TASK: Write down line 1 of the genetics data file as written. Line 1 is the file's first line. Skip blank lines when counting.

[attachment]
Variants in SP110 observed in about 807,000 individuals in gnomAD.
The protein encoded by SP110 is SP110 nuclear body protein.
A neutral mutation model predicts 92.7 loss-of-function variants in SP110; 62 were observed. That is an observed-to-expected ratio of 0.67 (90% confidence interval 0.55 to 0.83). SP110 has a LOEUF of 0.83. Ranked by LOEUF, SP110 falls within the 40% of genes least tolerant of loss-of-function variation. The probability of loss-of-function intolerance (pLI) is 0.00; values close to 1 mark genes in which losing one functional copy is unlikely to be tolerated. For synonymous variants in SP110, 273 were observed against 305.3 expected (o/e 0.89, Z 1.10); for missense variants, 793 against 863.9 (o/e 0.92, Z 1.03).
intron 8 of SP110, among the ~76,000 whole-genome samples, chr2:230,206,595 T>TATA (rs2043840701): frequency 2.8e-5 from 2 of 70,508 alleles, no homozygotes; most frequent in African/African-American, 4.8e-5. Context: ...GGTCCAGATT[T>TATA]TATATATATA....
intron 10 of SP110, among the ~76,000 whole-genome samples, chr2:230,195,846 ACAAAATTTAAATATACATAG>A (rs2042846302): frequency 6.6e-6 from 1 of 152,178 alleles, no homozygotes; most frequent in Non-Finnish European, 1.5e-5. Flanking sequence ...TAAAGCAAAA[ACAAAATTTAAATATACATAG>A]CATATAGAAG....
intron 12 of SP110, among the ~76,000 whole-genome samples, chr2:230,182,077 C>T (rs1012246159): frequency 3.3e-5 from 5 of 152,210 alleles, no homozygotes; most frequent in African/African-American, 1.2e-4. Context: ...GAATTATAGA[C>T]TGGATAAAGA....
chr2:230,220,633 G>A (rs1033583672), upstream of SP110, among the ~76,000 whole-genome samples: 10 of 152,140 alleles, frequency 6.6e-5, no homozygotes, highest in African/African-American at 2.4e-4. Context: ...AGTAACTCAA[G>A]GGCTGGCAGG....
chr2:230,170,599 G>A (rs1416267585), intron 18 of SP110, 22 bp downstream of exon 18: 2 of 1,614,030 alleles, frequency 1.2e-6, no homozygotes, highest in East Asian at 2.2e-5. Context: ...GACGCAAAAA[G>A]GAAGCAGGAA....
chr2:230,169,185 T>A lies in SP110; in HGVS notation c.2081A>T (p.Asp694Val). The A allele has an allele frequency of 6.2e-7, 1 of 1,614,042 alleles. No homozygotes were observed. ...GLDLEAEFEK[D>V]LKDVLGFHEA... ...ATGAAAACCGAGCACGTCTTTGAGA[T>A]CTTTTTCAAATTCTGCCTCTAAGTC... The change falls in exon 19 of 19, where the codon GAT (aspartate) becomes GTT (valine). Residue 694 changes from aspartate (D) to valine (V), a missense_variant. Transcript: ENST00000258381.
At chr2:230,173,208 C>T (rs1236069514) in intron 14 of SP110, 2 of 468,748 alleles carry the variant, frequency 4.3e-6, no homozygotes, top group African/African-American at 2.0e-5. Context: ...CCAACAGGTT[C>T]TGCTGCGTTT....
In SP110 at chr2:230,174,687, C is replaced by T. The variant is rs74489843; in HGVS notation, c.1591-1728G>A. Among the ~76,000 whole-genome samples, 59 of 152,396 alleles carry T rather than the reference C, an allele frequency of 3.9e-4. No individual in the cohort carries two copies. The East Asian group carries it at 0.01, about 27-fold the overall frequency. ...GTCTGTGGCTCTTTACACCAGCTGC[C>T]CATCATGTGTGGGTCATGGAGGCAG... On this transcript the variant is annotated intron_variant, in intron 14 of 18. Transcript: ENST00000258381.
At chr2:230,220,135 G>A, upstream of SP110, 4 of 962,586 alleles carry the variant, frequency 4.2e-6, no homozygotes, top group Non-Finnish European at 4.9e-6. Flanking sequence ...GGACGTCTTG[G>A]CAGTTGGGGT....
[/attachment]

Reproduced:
Variants in SP110 observed in about 807,000 individuals in gnomAD.